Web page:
HUD Clouds Future of Flood-Mitigation Funding in Texas

The U.S. Department of Housing and Urban Development (HUD) has clouded the future of dozens of Texas flood-mitigation projects worth billions of dollars.

HUD has alleged racial discrimination by the Texas General Land Office (GLO), which distributes HUD money in Texas. HUD based its finding of discrimination on complaints by two advocacy groups. The complaints stem from a statewide competition – the first of several rounds of HUD awards relating to Hurricane Harvey.

Now, deadlines for actually spending the money are fast approaching. But the uncertainty created by the racial discrimination allegations is causing entities that won HUD grants to question whether HUD will revoke funding and leave half-completed projects in limbo.

The GLO vehemently denies all allegations of discrimination and points out that:

  • HUD imposed the key rule governing competition for grants now in dispute
  • HUD approved the competition’s scoring criteria
  • More than two thirds of the beneficiaries of the funds are Black and Hispanic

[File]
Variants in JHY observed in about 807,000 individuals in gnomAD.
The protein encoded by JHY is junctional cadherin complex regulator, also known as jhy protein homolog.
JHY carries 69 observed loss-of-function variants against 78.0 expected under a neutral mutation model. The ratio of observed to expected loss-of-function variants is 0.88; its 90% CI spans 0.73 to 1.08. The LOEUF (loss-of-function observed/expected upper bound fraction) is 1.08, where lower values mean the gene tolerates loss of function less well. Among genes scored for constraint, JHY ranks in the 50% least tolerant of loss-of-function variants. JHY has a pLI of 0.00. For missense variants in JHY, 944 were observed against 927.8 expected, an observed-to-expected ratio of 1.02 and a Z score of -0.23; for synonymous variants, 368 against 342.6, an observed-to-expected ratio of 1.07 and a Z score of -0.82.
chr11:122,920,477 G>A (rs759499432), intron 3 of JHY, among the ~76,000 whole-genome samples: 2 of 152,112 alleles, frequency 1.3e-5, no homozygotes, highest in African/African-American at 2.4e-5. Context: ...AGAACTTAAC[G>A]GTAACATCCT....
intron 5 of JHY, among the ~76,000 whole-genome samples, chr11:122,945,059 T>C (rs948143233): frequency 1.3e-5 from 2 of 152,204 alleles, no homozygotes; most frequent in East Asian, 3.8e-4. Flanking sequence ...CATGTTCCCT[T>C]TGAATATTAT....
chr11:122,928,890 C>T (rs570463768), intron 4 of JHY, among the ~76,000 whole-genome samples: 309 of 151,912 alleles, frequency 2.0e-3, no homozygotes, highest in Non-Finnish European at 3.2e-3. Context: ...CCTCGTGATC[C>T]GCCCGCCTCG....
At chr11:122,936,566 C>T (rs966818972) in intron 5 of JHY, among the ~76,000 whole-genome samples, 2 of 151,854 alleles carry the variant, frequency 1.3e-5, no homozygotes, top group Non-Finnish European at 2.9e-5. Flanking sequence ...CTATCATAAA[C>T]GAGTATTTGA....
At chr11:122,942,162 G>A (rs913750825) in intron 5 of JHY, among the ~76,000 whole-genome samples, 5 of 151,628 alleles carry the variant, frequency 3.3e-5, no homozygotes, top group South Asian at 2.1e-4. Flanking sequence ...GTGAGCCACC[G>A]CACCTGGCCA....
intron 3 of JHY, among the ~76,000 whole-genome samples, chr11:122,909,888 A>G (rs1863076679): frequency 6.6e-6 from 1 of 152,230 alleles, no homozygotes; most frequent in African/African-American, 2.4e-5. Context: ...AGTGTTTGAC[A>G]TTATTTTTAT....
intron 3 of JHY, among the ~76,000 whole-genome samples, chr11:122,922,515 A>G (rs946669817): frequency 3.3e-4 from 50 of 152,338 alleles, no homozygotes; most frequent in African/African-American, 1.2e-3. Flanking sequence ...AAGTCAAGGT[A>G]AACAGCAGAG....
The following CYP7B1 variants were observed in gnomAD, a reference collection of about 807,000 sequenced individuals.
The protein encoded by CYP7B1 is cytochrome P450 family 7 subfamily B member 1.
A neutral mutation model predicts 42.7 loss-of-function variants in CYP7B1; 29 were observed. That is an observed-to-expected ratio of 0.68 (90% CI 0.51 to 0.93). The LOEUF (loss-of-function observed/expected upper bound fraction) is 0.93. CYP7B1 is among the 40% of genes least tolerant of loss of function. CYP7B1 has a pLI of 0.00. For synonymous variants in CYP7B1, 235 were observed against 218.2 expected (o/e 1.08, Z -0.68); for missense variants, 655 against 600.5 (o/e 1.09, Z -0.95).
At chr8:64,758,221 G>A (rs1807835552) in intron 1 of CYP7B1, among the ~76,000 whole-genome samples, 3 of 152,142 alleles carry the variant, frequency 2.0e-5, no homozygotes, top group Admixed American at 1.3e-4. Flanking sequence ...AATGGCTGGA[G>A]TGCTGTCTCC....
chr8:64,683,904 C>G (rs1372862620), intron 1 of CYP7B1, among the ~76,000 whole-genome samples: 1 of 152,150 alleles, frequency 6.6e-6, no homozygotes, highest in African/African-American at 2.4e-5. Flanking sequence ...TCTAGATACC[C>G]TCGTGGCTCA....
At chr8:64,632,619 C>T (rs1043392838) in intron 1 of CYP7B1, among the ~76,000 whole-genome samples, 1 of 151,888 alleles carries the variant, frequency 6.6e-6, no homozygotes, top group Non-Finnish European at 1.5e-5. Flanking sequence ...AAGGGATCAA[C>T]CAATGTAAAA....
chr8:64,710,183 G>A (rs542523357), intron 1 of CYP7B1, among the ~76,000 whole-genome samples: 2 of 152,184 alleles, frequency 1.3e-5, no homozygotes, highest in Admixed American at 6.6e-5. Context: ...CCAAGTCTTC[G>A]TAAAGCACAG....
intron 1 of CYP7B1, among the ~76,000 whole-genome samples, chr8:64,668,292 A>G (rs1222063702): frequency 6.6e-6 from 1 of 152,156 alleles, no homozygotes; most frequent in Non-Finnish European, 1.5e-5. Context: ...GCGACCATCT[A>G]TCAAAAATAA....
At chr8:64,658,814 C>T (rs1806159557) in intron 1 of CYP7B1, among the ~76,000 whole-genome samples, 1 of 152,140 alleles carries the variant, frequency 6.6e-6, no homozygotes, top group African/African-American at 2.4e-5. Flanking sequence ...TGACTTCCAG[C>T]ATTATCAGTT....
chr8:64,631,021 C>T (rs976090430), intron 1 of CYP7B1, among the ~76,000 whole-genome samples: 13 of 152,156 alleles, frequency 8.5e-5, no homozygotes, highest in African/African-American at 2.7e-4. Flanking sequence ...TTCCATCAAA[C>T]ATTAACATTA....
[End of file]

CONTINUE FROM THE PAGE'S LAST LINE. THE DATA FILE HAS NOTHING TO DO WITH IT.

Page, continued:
• 100% of the mitigation projects benefitted communities with a majority of low-to-moderate income (LMI) residents, when only 50% was required
  • GLO and HUD ultimately awarded Houston-area entities about $1.5 billion.

Allegations by Texas Housers and Northeast Action Collective

According to the Houston Chronicle, two advocacy groups (Texas Housers and the Northeast Action Collective) filed charges of racial discrimination after the first round of Harvey grant awards in 2021. They allege that the Houston area got zero dollars and are standing by their accusations, despite all the money the area received at the time and since then. (See amounts in timeline below.)

When developing the competition for Harvey grants, HUD insisted that the GLO could not base awards on actual flood damage. Regardless, Texas Housers and the Northeast Action Collective complained that rural areas received the majority of funding even though Houston and Harris County had the majority of flood damage.

After results of the competition became apparent, GLO attempted to remedy the rural/urban disparity by recommending to HUD that $750 million in remaining Harvey competition funds should go to Harris County – without a second competition. HUD approved.

GLO also recommended increasing the amount going to the Houston-Galveston Area Council (H-GAC) from the Regional Mitigation Program. H-GAC’s allocation more than doubled from $209 million to $488 million – again without a second competition. And again, HUD approved.

Regardless, HUD’s “finding” of discrimination based on allegations by the two advocacy groups still stands. Moreover, HUD issued administrative subpoenas to depose GLO executives, even though the Department of Justice (DOJ) already reviewed the racial discrimination complaints and declined to pursue them.

This mess is like throwing trip wires in front of exhausted marathon contestants.